One way to add functionality to ERC is to customize which of its many modules are loaded.
There is a spiffy customize interface, which may be reached by typing
M-x customize-option RET erc-modules RET.
When removing a module outside of the Custom ecosystem, you may wish
to ensure it’s disabled by invoking its associated minor-mode toggle
with a nonpositive prefix argument, for example, C-u - M-x
erc-spelling-mode RET. Additionally, if you plan on loading
third-party modules that perform atypical setup on activation, you may
need to arrange for calling
erc-update-modules in your init
file. Examples of such setup might include registering an
erc-before-connect hook, advising
The following is a list of available modules.
Set away status automatically
Join channels automatically
Integrate with the Big Brother Database
Buttonize URLs, nicknames, and other text
Mark unidentified users on freenode and other servers supporting CAPAB.
completion (aka pcomplete)
Complete nicknames and commands (programmable)
Wrap long lines
Launch an identd server on port 8113
Highlight or remove IRC control characters
Save buffers in logs
Highlight pals, fools, and other keywords
Display a menu in ERC buffers
Don’t display non-IRC commands after evaluation
Notify when the online status of certain users changes
Send you a notification when you get a private message, or your nickname is mentioned
Process CTCP PAGE requests from IRC
Make displayed lines read-only
Replace text in messages
Enable an input history
Enable SASL authentication
Scroll to the bottom of the buffer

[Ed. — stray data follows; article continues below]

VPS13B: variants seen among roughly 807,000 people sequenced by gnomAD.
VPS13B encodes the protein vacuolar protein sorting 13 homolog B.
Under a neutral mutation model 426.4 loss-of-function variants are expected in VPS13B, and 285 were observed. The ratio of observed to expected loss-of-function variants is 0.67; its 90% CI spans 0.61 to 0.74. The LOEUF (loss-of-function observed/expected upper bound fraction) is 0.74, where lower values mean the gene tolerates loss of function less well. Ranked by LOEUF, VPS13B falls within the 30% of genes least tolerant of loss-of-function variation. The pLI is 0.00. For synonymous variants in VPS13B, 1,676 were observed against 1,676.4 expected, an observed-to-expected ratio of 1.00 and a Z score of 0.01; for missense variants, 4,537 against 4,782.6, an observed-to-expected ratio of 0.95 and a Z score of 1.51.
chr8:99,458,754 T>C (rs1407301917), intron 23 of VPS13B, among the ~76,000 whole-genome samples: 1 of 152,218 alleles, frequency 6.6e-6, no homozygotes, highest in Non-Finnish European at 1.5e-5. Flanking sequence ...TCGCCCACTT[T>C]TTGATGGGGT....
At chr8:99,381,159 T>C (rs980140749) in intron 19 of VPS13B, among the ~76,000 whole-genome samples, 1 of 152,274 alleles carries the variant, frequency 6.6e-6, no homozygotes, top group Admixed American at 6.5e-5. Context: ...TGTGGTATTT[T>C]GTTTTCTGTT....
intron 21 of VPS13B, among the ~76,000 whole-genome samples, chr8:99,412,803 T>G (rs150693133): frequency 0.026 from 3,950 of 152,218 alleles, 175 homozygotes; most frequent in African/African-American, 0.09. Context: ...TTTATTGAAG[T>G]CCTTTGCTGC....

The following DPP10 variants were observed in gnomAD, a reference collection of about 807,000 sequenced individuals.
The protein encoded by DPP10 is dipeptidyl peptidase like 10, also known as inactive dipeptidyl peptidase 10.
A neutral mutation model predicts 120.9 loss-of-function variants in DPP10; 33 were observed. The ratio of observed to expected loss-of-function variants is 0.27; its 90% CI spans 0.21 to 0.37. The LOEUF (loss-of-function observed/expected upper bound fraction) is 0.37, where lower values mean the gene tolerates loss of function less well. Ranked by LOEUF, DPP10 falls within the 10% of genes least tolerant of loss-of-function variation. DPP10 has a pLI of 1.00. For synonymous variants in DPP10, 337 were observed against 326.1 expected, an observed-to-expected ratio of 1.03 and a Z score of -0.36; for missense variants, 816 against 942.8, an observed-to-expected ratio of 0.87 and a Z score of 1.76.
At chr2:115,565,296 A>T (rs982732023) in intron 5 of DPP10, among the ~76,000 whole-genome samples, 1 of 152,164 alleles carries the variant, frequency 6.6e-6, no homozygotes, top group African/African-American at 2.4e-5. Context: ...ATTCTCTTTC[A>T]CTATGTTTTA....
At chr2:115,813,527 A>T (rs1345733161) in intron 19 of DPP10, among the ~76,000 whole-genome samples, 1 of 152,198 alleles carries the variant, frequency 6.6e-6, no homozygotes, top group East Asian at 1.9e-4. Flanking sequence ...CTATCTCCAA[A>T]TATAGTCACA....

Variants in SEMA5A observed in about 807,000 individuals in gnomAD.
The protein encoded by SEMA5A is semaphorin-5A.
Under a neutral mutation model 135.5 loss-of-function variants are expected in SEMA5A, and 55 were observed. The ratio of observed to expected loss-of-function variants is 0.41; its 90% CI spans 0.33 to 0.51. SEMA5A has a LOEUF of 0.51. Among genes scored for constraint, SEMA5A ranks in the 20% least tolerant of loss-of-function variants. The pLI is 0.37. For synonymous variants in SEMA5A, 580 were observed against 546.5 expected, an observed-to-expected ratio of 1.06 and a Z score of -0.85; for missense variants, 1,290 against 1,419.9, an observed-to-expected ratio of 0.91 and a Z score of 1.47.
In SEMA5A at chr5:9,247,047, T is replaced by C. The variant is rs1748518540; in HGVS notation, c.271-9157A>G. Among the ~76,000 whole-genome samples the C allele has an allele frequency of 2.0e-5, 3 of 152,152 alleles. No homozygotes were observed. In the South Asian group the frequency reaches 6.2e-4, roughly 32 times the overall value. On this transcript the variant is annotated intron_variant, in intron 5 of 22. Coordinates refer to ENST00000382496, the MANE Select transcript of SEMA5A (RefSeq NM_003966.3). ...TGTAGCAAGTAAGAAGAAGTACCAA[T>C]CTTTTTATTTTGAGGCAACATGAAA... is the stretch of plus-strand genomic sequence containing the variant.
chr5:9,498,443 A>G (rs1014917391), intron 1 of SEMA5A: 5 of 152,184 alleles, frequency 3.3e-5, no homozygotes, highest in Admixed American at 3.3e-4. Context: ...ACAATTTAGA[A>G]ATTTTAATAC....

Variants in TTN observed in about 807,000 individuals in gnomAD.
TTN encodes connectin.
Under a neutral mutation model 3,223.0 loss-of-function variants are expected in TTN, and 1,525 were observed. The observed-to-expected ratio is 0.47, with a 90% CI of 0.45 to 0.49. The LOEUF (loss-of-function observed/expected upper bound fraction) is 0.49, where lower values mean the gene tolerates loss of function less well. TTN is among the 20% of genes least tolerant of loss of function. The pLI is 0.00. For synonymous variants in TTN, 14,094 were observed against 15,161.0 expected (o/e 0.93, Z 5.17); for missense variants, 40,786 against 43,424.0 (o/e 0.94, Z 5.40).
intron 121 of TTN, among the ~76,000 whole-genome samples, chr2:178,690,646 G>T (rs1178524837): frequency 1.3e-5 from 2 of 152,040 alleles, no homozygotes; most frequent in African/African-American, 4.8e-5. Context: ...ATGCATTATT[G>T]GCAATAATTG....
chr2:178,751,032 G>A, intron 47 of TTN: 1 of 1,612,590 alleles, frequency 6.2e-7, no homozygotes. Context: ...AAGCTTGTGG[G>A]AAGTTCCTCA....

Identify to Nickserv (IRC Services) automatically
Convert smileys to pretty icons
Play sounds when you receive CTCP SOUND requests
Check spelling of messages
Add timestamps to messages
Track channel activity in the mode-line
Truncate buffers to a certain size
Translate morse code in messages
Note that some modules are essential to core IRC operations and thus
not listed above. You can nevertheless still remove these, but doing
so demands special precautions to avoid degrading the user experience.
At present, the only such module is
networks, whose library ERC
always loads anyway.
All modules operate as minor modes under the hood, and some newer ones may be defined as buffer-local. These so-called “local modules” are a work in progress and their behavior and interface are subject to change. As of ERC 5.5, the only practical differences are as follows:
erc-sasl-mode, retain their values across IRC sessions and override
erc-modulemembership when influencing module activation.
erc-modulesvia Customize not only disables its mode but also kills its control variable in all ERC buffers.
erc-sasl-modeand the complementary
erc-sasl-disablepairing, behave differently than their global counterparts.
In target buffers, a local module’s activation state survives
“reassociation” by default, but modules themselves always have the
final say. For example, a module may reset all instances of itself in
its network context upon reconnecting. Moreover, the value of a mode
variable may be meaningless in buffers that its module has no interest
in. For example, the value of
erc-sasl-mode doesn’t matter in
target buffers and may even remain non-
nil after SASL has been
disabled for the current connection (and vice versa).
When it comes to server buffers, a module’s activation state only
persists for sessions revived via the automatic reconnection mechanism
or a manual ‘/reconnect’ issued at the prompt. In other words,
this doesn’t apply to sessions revived by an entry-point command, such
erc-tls, because such commands always ensure a clean slate
by looking only to
erc-modules. Although a session revived in
this manner may indeed harvest other information from a previous
server buffer, it simply doesn’t care which modules might have been
active during that connection.
Lastly, a local mode’s toggle command, like
affects the current buffer, but its “non-mode” cousins, like
erc-sasl-disable, operate on all
buffers belonging to their connection (when called interactively).
And unlike global toggles, none of these ever mutates